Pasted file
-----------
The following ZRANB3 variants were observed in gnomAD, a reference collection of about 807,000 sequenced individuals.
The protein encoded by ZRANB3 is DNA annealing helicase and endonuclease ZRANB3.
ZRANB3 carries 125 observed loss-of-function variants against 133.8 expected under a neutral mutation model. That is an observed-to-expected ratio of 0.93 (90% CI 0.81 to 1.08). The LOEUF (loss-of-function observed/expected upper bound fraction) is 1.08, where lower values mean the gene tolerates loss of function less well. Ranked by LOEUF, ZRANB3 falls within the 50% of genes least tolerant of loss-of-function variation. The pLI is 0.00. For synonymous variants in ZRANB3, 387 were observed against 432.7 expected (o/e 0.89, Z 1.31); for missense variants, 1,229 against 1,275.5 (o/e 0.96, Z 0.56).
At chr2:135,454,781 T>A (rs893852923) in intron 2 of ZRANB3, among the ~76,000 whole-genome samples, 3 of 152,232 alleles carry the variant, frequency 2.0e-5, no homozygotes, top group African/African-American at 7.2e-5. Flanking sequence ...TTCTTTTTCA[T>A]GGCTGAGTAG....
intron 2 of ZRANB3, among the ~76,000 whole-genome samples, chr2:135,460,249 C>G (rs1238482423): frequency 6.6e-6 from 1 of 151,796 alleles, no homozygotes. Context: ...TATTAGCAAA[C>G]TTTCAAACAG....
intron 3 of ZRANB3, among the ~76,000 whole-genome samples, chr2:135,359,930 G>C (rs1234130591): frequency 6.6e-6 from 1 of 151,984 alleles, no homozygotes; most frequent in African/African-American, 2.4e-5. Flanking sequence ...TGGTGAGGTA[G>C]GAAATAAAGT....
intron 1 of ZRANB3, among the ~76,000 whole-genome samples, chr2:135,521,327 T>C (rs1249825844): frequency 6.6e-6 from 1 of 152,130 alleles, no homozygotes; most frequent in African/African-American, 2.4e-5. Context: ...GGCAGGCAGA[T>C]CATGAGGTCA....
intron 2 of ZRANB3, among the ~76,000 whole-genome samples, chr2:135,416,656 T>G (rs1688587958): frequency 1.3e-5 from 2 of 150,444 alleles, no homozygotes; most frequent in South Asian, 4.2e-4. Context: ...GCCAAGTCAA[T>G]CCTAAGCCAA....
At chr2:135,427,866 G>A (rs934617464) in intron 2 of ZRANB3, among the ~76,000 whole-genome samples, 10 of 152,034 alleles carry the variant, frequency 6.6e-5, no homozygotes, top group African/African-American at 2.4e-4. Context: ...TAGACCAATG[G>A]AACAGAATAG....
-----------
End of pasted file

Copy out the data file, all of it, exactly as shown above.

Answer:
The following ZRANB3 variants were observed in gnomAD, a reference collection of about 807,000 sequenced individuals.
The protein encoded by ZRANB3 is DNA annealing helicase and endonuclease ZRANB3.
ZRANB3 carries 125 observed loss-of-function variants against 133.8 expected under a neutral mutation model. That is an observed-to-expected ratio of 0.93 (90% CI 0.81 to 1.08). The LOEUF (loss-of-function observed/expected upper bound fraction) is 1.08, where lower values mean the gene tolerates loss of function less well. Ranked by LOEUF, ZRANB3 falls within the 50% of genes least tolerant of loss-of-function variation. The pLI is 0.00. For synonymous variants in ZRANB3, 387 were observed against 432.7 expected (o/e 0.89, Z 1.31); for missense variants, 1,229 against 1,275.5 (o/e 0.96, Z 0.56).
At chr2:135,454,781 T>A (rs893852923) in intron 2 of ZRANB3, among the ~76,000 whole-genome samples, 3 of 152,232 alleles carry the variant, frequency 2.0e-5, no homozygotes, top group African/African-American at 7.2e-5. Flanking sequence ...TTCTTTTTCA[T>A]GGCTGAGTAG....
intron 2 of ZRANB3, among the ~76,000 whole-genome samples, chr2:135,460,249 C>G (rs1238482423): frequency 6.6e-6 from 1 of 151,796 alleles, no homozygotes. Context: ...TATTAGCAAA[C>G]TTTCAAACAG....
intron 3 of ZRANB3, among the ~76,000 whole-genome samples, chr2:135,359,930 G>C (rs1234130591): frequency 6.6e-6 from 1 of 151,984 alleles, no homozygotes; most frequent in African/African-American, 2.4e-5. Flanking sequence ...TGGTGAGGTA[G>C]GAAATAAAGT....
intron 1 of ZRANB3, among the ~76,000 whole-genome samples, chr2:135,521,327 T>C (rs1249825844): frequency 6.6e-6 from 1 of 152,130 alleles, no homozygotes; most frequent in African/African-American, 2.4e-5. Context: ...GGCAGGCAGA[T>C]CATGAGGTCA....
intron 2 of ZRANB3, among the ~76,000 whole-genome samples, chr2:135,416,656 T>G (rs1688587958): frequency 1.3e-5 from 2 of 150,444 alleles, no homozygotes; most frequent in South Asian, 4.2e-4. Context: ...GCCAAGTCAA[T>G]CCTAAGCCAA....
At chr2:135,427,866 G>A (rs934617464) in intron 2 of ZRANB3, among the ~76,000 whole-genome samples, 10 of 152,034 alleles carry the variant, frequency 6.6e-5, no homozygotes, top group African/African-American at 2.4e-4. Context: ...TAGACCAATG[G>A]AACAGAATAG....